Louis Proyect: The Unrepentant Marxist

April 16, 2010

Newsreels about African national independence from the Soviet archives

Filed under: Film,ussr — louisproyect @ 6:58 pm

Thomas Campbell

Last Sunday I saw five newsreels about newly independent African nations made in the USSR in the 1960s, which were procured from the Russian State Film & Photo Archive at Krasnogorsk. The films were part of the 2010 African Film Festival at Lincoln Center.

They were of special interest to me for two reasons. Firstly, the subtitles were written by Thomas Campbell, a Marxism list subscriber based in Russia who I have high regard for. Secondly, I had more than the average interest in the problems of such countries, having been part of a Tecnica delegation that met with ANC leaders in exile back in 1990. It became clear that many of the ANC cadre had spent time in Soviet universities, especially those who had dual membership in the South African Communist Party.

This was at the twilight of Soviet Communism and one of the few signs of international solidarity that had never been fully eradicated. Ironically, one of the driving forces behind perestroika was to bring such outreach programs, including substantial foreign aid without strings attached, to a conclusion. A couple of years before I made the trip to Africa, when I was working at Goldman Sachs, I was chatting with a Russian Jew who was working there as a consultant. (Eventually he lost his gig since he passed a printout of Goldman accounts to a stockbroker buddy. He liked to regale me with stories about Russian-Jewish gangsters out in Brighton Beach, including one about a guy getting shot in the knee at a nightclub.)

He was not as fanatically anti-Communist as the other programmers with a similar background, but he had two complaints. One was that he had “Jewish” stamped on his identity papers. This bothered him to no end because he felt more Russian than anything. (Another Russian-Jewish programmer related to CPUSA leader Charles Ruthenberg once told me that the best thing that the USSR ever did was marginalize organized religion, including Judaism.) The other complaint was that the USSR was wasting all its money on “the Africans”. He may have used the word “nigger”, but I can’t remember.

The movies were a poignant reminder of when Communism was still an official ideology. Despite the clumsiness of the narration, and despite its obvious official nature, there is still something heartfelt about it.

This is especially true of the first movie that deals with the martyrdom of Patrice Lumumba. You see him giving his famous June 30, 1960 Independence Day speech:

We are proud of this struggle, of tears, of fire, and of blood, to the depths of our being, for it was a noble and just struggle, and indispensable to put an end to the humiliating slavery which was imposed upon us by force.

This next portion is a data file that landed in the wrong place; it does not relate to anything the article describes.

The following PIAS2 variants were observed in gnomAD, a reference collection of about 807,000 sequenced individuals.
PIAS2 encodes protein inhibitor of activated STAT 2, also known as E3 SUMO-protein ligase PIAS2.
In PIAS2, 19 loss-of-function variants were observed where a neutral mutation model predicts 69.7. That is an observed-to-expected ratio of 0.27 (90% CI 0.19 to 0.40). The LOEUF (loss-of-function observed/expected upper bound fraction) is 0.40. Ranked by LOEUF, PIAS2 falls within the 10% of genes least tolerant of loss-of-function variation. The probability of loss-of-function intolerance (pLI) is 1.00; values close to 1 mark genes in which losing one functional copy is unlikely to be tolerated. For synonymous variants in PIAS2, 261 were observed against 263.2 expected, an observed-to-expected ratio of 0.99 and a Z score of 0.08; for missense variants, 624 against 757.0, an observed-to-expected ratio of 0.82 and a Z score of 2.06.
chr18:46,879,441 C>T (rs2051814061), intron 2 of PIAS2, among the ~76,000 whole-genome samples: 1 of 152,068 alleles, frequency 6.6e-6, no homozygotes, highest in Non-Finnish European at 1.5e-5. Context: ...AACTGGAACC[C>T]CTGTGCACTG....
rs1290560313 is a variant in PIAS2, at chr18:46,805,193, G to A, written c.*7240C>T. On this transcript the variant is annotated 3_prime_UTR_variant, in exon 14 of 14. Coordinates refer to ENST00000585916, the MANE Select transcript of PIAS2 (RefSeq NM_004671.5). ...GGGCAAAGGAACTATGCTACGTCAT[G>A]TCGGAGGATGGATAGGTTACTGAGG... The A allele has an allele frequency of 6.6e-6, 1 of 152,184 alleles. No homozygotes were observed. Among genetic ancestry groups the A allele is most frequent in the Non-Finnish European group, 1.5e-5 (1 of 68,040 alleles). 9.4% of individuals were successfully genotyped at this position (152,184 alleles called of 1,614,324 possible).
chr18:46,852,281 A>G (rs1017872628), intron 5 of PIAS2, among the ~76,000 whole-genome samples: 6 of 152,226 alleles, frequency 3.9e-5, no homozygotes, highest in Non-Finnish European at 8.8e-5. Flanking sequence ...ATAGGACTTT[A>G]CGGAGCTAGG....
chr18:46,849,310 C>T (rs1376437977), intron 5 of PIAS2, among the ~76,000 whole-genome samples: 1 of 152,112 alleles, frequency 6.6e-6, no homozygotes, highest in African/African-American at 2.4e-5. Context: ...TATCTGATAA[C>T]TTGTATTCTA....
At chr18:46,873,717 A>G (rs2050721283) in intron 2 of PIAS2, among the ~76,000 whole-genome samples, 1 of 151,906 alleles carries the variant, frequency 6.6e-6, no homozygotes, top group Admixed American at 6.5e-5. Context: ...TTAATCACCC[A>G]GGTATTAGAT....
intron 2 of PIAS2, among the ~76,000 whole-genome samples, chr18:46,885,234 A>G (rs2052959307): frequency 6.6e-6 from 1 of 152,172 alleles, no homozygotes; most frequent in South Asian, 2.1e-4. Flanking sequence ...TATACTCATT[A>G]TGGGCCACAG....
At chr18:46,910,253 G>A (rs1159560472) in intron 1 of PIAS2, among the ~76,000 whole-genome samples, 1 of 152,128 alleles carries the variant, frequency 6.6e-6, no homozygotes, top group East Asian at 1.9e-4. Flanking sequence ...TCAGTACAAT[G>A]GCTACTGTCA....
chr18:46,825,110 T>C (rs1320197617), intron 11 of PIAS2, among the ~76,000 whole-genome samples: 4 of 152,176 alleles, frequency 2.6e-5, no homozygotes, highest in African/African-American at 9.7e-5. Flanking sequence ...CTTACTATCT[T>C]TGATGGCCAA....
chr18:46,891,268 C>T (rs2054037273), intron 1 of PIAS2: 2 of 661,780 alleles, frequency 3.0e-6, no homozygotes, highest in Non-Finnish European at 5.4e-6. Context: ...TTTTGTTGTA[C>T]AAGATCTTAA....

This was our fate for eighty years of a colonial regime; our wounds are too fresh and too painful still for us to drive them from our memory. We have known harassing work, exacted in exchange for salaries which did not permit us to eat enough to drive away hunger, or to clothe ourselves, or to house ourselves decently, or to raise our children as creatures dear to us.

We have known ironies, insults, blows that we endured morning, noon, and evening, because we are Negroes. Who will forget that to a black one said “tu”, certainly not as to a friend, but because the more honorable “vous” was reserved for whites alone?

Going from the sublime to the nearly ridiculous, there’s a movie about the visit of a delegation of parliamentarians from the newly independent nation of Cameroon to the USSR that is much more about the USSR than Cameroon. We learn nothing about the African nation but learn enough about Soviet electrification and irrigation techniques to last a lifetime. Flowers are presented back and forth; the Africans take part in a folk dance with Soviet children; etc. The best thing to be said about this film is that it illustrates how clumsy Soviet propaganda could be.

Much more interesting were those about Mali, Senegal and Chad that had also become independent. These were films with a strong anti-imperialist edge that decried the slave trade and the continuing presence of neo-colonialism.

Of particular interest was the impact of the commercial peanut business in such countries that robbed land and water from the native population. This was the first time that I had heard about the role of this crop which was used as input to the cooking oil business in Europe, as well as other imperialist corporations. It would appear that just as palm oil plantations are devastating East Asia today, so did the peanut plantations lay waste to Africa for generations. As soon as I find some time, I plan to learn more about this seemingly innocuous crop that had been the subject of investigation by George Washington Carver, an African-American who all schoolchildren in the United States learned about in grade school.